Apr 07, 2011 — 5 comments
It is amazing to me what art people can see in the most mundane things. Artist Paul Villinski takes something that has been literally thrown away, crushed beer cans on the streets of New York City, and creates beautiful sculpted butterflies. Not only does he create these small, delicate creations from trash, but he incorporates flocks of them into his artwork; combining their gentle beauty ...
For those that are just starting out, here are some techniques that can help you when you are about to photograph a wedding.
You get the sense that you are actually watching the city of Toronto awaken from almost every angle you could possibly imagine. “City Rising” by Tom Ryaboi has some amazing sequences that seem impossible to capture. Take a look for yourself, it simply cannot be put into words.
There are a lot of landscape photography tutorials floating around the internet that, other than stating the obvious, don’t offer much in the way of useful tips. That’s partially what makes Kai’s tutorials so wonderful, he dishes out real world advice that most people forget about because they are too busy blogging about not forgetting to pack your camera.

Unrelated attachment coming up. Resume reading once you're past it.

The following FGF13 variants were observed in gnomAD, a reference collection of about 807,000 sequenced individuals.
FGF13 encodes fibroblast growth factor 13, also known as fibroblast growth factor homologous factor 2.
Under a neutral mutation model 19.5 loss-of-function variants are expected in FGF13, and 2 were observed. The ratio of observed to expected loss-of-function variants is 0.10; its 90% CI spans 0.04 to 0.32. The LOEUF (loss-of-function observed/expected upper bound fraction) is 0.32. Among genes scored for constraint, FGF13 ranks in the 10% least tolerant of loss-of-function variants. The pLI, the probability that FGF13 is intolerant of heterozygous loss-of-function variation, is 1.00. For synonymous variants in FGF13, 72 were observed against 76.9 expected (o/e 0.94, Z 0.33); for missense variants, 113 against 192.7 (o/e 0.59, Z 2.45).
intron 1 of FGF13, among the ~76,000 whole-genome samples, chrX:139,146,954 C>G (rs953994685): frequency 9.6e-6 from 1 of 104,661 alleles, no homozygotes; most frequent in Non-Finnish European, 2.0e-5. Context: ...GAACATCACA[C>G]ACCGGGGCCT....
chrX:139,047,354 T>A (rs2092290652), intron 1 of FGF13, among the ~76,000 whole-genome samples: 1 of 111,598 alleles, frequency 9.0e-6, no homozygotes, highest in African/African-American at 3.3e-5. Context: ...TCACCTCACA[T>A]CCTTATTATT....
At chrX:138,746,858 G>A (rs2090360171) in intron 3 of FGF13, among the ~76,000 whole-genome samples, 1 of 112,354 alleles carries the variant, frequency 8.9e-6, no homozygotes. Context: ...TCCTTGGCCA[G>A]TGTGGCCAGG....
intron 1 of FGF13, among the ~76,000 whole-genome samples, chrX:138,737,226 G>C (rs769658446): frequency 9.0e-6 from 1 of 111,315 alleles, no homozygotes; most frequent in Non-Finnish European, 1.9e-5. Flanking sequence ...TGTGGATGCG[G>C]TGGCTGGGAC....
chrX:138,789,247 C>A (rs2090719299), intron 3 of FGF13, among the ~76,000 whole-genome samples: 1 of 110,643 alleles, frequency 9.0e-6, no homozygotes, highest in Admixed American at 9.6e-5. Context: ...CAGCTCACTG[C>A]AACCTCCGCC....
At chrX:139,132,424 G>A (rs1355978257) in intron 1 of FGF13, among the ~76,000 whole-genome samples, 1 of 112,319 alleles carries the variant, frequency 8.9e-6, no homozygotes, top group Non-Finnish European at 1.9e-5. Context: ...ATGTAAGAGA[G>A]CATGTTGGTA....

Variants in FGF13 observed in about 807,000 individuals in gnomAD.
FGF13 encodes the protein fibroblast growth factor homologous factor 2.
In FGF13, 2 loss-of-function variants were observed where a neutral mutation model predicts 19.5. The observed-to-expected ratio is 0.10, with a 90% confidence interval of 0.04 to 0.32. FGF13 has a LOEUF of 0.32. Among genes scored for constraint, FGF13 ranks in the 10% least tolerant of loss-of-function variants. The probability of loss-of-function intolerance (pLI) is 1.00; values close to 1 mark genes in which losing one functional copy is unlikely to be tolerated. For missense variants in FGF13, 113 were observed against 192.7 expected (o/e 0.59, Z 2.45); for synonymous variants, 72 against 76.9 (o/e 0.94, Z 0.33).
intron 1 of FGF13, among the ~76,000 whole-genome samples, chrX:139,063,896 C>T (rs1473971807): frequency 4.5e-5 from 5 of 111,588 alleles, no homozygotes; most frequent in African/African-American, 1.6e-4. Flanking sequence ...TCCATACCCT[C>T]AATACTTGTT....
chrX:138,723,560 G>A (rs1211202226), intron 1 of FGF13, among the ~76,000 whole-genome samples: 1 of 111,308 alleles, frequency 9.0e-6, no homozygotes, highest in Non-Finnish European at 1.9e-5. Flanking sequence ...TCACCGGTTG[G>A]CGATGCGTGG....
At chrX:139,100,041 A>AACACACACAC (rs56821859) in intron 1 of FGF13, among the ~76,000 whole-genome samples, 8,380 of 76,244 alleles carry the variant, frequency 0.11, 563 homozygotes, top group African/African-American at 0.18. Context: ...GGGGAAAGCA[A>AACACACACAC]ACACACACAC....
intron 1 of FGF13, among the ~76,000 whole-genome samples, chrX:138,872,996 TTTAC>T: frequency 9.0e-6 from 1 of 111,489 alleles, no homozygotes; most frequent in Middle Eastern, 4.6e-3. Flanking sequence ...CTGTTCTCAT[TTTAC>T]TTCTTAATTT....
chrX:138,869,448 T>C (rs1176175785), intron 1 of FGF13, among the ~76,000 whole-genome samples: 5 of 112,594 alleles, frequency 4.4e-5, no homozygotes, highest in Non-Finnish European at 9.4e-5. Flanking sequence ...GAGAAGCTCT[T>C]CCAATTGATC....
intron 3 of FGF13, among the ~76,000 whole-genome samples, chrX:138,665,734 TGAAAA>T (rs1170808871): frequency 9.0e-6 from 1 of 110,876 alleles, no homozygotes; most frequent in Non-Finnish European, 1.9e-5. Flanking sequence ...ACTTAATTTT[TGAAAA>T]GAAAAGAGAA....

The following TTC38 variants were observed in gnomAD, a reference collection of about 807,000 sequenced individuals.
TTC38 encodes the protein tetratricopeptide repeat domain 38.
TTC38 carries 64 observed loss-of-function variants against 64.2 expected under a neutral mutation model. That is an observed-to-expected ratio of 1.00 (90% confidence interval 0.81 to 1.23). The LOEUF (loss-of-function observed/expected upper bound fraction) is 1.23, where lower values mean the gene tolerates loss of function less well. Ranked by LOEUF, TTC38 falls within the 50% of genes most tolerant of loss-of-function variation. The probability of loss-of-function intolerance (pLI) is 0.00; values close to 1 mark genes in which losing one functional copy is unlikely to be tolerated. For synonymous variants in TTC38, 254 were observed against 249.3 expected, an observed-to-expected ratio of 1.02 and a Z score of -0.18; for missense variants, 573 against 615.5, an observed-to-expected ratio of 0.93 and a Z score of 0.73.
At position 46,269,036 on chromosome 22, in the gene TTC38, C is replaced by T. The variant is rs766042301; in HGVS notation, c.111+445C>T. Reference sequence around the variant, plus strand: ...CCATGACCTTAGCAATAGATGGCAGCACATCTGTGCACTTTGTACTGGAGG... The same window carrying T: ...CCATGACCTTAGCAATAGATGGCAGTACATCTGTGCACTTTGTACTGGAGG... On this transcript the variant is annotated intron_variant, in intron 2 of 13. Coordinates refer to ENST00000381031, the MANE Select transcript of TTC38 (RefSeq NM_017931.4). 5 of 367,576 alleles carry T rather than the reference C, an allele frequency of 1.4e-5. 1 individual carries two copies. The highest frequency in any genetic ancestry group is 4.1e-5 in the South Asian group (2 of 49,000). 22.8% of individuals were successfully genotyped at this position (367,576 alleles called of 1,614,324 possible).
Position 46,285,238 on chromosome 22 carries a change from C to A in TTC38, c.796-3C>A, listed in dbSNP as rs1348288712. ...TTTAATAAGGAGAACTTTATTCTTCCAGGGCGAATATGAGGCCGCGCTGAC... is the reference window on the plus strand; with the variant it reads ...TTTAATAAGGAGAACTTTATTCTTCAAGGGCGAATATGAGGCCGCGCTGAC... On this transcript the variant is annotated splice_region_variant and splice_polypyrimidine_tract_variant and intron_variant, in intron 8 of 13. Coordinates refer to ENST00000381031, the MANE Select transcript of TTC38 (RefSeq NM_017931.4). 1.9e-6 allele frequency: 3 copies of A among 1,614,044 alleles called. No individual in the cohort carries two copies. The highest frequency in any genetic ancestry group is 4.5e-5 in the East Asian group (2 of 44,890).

In case you couldn’t be in Los Angeles to see the Space Shuttle Endeavour slowly made the trek to its new home, you’re in luck. Thanks to a six man photography crew and the cooperation of the Inglewood, California police department, the shuttle’s multi-day journey to it’s new retirement home was condensed into three minutes of inspiring timelapse footage.
Imagine you’re on a photo excursion in Antarctica and you come face to face with a giant Leopard seal only to have it open it’s powerful jaws and grab your camera and head between it’s teeth. Sounds pretty scary considering the massive seal is one of Antarctica’s biggest predators.
Mark Wallace is back at it, delivering his viewers with another informative video tutorial, this time focusing on the helpfulness of a light meter. There is no question as to whether or not a light meter can improve your photography, but knowing why and how to use one is crucial to the equation.
Like many behind the scene videos, this one doesn’t stop at after the photographs have been captured. Also included in the short film is the entire editing workflow, which was done in Lightroom and Photoshop. Pretty interesting for those of you who are curious about editing techniques of different photographers, something that is not often shared with the public.
Despite what you may have been told, you don’t need an extensive lighting setup to do professional quality studio work. In the seminar below, speedlight master, Bob Harrington, explains to users how to get started using minimal equipment.
The first time you ever took pictures on your new DSLR, you probably thought “wow”. It’s possible you didn’t realize you could take such good pictures and those first images are, maybe what got you into photography in the first place.
Help us out! More and more tutorials are submitted to Good-Tutorials each day. We could use your help with finding good tutorials. Mind lending a hand?